What's known as the "Settlement Movement" began in Hebron, when a few dozen Jews went there with their families before Pesach, 5738 (1968). When the holiday ended, they refused to leave and finally were taken out of the hotel and housed in the "memshal," the police compound, in downtown Hebron.
There are many stories about that first, post-Six Days War seder. Moshe Burt posted one which mentions the late Moshe Shamir. Moshe Shamir differed from most of the Eretz Yisrael activists in that his background and life style were left-wing and secular. His politics evolved, and later he was a Knesset Member for the T'chiya Party, along with Geula Cohen and Rabbi Chanan Porat, but he didn't embrace formal religion.
From my observations, he was more religious, though maybe not observant of the mitzvot, than most. The last time I saw him was at an evening dedicated to the republishing of Benzion Netanyahu's book, The Five Fathers of Zionism (in Hebrew), and Shamir spoke. His comments were different from anyone else's. Shamir complained that the choice of Zionist leaders was completely unbalanced. There were no religious Zionist leaders included. He made it clear that in the revised edition, religious Zionist leaders should have been added. For me, his words were totally unforgettable. Moshe Shamir was a very great man, and he shouldn't be ignored or forgotten.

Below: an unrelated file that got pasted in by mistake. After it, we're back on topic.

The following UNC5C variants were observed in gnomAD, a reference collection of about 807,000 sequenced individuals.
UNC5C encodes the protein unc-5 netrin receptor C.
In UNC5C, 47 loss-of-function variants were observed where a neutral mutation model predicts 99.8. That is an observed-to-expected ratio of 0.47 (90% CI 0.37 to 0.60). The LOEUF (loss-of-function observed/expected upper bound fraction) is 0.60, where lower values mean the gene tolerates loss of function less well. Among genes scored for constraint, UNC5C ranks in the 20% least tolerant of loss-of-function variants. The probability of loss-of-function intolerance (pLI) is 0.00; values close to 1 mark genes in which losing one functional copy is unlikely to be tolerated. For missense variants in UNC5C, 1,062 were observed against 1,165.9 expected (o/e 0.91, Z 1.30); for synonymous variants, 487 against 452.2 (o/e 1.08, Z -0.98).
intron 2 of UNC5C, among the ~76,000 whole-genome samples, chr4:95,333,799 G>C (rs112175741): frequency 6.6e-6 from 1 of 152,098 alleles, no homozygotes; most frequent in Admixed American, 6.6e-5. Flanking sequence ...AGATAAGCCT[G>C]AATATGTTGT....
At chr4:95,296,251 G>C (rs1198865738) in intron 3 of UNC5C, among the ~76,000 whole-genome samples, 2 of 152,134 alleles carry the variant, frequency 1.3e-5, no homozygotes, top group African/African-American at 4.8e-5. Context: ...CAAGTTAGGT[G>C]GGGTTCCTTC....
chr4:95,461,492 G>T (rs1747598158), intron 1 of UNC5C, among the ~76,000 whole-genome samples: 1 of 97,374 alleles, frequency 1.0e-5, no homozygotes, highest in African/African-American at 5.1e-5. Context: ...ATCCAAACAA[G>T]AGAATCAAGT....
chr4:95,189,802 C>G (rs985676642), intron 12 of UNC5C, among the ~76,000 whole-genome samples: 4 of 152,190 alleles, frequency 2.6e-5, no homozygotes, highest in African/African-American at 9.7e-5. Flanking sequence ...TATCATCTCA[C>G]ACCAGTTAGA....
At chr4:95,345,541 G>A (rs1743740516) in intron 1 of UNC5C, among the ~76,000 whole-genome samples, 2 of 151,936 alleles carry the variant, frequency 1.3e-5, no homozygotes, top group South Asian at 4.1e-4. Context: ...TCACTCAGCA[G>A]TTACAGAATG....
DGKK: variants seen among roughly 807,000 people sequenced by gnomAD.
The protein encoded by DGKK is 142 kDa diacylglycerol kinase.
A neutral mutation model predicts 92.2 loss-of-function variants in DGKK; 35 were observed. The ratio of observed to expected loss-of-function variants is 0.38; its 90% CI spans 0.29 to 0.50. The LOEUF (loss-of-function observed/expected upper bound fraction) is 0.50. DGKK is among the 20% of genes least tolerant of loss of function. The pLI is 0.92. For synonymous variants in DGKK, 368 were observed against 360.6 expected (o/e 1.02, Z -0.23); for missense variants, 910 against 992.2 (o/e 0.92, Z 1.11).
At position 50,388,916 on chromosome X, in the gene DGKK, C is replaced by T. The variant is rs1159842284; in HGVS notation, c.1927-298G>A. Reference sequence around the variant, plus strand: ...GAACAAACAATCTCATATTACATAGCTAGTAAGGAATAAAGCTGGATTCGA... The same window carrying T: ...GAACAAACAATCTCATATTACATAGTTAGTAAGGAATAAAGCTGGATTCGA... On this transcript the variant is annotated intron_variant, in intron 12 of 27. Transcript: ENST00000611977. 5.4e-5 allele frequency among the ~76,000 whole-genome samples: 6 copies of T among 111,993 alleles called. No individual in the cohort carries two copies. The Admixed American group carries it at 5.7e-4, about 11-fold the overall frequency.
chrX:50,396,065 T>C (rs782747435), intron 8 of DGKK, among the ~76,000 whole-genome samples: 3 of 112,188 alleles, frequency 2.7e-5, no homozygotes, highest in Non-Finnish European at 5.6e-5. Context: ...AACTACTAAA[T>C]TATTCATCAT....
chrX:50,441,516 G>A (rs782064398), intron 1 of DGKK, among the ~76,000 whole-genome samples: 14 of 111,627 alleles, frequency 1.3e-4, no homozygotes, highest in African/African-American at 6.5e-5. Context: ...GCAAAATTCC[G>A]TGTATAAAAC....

On a personal note, our very first Passover Seder (1971) was in the Memshal in Hebron as guests of the late Chaim Mageni, Z"L, and his wife Shoshana. Recently, "tremping" home, I caught a ride with their son, who lives in Shvut Rachel, just to the east of our home in Shiloh. I told him of that first seder, a couple of years before he was born. There are customs we keep to this day, because we learned them from Chaim and Shoshana.
The memshal, in the middle of Hebron, was an amazing place to be, and by following Chaim around we saw signs of former Jewish life all over Hebron. Many, many buildings had indentations in the doorposts, for mezzuzot, proving that Jews had lived there before they were expelled.
And lastly, yes, the Hebron Jewish Community should take "Peace" Now to court to sue for slander. And they shouldn't be the only ones. Everytime "Peace" Now lies about Jews they should be taken to court. Let them prove their allegations, their lies and slander. Every soldier who is disturbed by Machsom Watch must sue that group, too. Every word of incitement against the Jews of YESHA or religious Jews by the media, public personalities and politicians must go to court. We don't have to "take it" silently. We mustn't! Remember, there's no "turning the other cheek" in Judaism. In Judaism every word has power.
Shabbat Shalom u'Mevorach!